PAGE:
A. WEBSITES RELATED TO THIS ISSUE'S CONTRIBUTORS:
American Hospital Association Circle of Life Award
The American Hospital Association's (AHA) Circle of Life Award, Celebrating Innovation in End-of-Life Care, is presented annually to recognize innovation to improve the care provided to dying people and those around them. The Circle of Life Award, which is given to up to three programs, provides a $25,000 award to further the work of the organization. The goals of this award are to help change the professional attitudes and culture that often equate death with a failure of science and to encourage a feeling of professional satisfaction based on easing dying. The Balm of Gilead received a Citation of Honor from the AHA in 2001.
Association for Death Education and Counseling
Founded in 1976, the Association for Death Education and Counseling (ADEC) is a multidisciplinary organization dedicated to improving the quality of death education, counseling and caregiving; to promoting research; and to providing support, stimulation and encouragement to its members and those studying and working in death-related fields. Dr. Ronald Barrett, whose international perspective is included in this issue, founded the ADEC People of Color Forum.
The Balm of Gilead Center
Birmingham, Alabama's Cooper Green Hospital has established a comprehensive
palliative care program, including its own 10-bed inpatient palliative care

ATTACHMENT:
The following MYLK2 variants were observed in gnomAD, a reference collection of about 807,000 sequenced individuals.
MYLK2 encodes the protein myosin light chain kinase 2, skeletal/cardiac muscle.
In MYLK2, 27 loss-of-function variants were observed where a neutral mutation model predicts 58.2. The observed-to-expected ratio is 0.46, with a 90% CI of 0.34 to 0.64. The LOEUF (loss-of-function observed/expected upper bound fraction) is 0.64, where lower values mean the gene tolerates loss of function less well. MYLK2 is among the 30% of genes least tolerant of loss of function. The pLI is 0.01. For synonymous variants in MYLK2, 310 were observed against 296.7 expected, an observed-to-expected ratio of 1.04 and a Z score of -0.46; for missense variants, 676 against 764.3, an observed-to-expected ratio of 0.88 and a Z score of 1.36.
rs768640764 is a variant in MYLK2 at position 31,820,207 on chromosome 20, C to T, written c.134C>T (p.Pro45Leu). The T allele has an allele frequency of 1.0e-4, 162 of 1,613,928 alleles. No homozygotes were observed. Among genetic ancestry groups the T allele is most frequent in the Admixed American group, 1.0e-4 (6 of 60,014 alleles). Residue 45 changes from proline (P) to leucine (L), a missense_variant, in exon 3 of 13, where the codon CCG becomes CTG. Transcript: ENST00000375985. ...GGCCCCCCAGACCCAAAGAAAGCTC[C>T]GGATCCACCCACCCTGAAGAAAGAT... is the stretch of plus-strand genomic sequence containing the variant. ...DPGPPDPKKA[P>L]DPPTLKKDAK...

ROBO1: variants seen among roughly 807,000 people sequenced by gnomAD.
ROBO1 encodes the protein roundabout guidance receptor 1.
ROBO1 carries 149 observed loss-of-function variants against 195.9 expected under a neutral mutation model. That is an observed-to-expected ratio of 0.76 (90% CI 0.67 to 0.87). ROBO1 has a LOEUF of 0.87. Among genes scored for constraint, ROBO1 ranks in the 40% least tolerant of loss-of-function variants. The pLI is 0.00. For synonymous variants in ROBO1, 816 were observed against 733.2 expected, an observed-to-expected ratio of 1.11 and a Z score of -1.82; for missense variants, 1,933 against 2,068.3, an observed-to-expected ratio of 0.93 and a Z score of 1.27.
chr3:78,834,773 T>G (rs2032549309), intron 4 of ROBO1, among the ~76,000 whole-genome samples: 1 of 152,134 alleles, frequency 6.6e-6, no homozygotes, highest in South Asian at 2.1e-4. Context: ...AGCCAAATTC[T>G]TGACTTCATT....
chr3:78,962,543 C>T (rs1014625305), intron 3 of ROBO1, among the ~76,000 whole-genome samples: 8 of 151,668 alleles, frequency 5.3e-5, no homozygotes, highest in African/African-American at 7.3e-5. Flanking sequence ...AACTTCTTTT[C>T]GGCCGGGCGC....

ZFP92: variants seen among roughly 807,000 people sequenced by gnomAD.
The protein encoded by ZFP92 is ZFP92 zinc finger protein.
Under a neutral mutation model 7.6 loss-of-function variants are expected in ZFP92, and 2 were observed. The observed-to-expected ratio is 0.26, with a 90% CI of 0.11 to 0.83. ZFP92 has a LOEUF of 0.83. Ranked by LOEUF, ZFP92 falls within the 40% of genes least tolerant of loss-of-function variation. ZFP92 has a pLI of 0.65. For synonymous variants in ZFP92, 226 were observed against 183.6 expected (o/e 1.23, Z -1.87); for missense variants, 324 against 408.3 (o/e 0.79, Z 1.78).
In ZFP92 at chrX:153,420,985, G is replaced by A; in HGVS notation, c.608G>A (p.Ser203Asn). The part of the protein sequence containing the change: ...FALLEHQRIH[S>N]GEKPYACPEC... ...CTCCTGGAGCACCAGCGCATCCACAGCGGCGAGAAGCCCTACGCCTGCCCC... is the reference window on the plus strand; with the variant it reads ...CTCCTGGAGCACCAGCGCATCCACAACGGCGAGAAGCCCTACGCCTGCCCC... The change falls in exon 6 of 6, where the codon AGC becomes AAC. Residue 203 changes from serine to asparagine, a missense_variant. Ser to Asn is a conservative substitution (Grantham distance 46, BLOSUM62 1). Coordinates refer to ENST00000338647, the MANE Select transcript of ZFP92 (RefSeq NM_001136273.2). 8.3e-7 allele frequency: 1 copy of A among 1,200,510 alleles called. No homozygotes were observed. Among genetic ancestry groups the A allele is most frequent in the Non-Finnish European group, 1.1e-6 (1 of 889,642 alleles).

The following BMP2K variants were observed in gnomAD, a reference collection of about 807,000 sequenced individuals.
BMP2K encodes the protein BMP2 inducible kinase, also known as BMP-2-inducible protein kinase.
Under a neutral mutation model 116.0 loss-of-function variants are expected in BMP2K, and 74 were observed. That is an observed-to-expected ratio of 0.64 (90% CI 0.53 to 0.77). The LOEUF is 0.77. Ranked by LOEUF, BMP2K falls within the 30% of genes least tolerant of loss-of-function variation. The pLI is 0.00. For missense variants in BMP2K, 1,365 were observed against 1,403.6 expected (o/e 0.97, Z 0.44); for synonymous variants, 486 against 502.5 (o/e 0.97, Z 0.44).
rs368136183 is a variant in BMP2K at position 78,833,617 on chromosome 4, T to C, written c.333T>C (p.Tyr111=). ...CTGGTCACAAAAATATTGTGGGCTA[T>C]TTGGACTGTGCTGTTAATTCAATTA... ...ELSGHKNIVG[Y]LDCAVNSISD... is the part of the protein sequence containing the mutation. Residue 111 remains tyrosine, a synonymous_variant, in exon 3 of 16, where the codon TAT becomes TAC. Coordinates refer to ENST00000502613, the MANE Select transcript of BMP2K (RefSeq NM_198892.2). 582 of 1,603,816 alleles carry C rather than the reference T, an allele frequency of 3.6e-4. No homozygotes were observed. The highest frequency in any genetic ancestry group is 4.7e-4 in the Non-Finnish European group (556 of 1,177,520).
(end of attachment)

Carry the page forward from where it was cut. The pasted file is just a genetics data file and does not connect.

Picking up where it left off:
unit called the Balm of Gilead (named after a Gospel song about a healing
salve). Seventy percent of patients served are African American. The
project is nurtured by generous support from the city's churches and
business community as well as through funding from The Robert Wood Johnson
Foundation's Promoting Excellence in End-of-Life Care program. In addition,
the Balm of Gilead provides training for medical residents, interns, and
medical students on rotation. Staff members from the Balm also conducts monthly
in-service training for students at the University of Alabama at Birmingham
and in area nursing homes.
Harlem Palliative Care Network
The Harlem Palliative Care Network (HPCN) is a large network of Harlem doctors, pharmacies, churches, and community organizations, focused on helping the people of their neighborhood who are facing life-threatening illnesses to get the services and support they need. Developed and operated by North General Hospital, Memorial Sloan-Kettering Cancer Center and the Visiting Nurse Service of New York, HPCN aims to take care of the whole person, including physical, emotional, and spiritual needs.
Initiative to Improve Palliative Care for African-Americans (IIPCA)
Founded by Dr. Richard Payne, Dr. LaVera Crawley serves as executive director and Terrie Reid Payne serves as deputy director. IIPCA promotes a research, education and policy agenda to improve care for African American patients facing serious illness. The website and organization are supported by the Open Society Institute and the Project on Death in America. See the Activities page for a list of recent publications and presentations.
Memorial Sloan-Kettering Cancer Center
Memorial Sloan-Kettering is the world's oldest and largest private
institution devoted to the prevention, treatment, and cure of cancer. Dr.
Richard Payne, one of the featured innovators in this issue, leads the
facility's Pain and Palliative Care Services in the Department of
Neurology. Memorial Sloan-Kettering has partnered with North General
Hospital and the Visiting Nurse Service of New York, to establish and
operate the Harlem Palliative Care Network.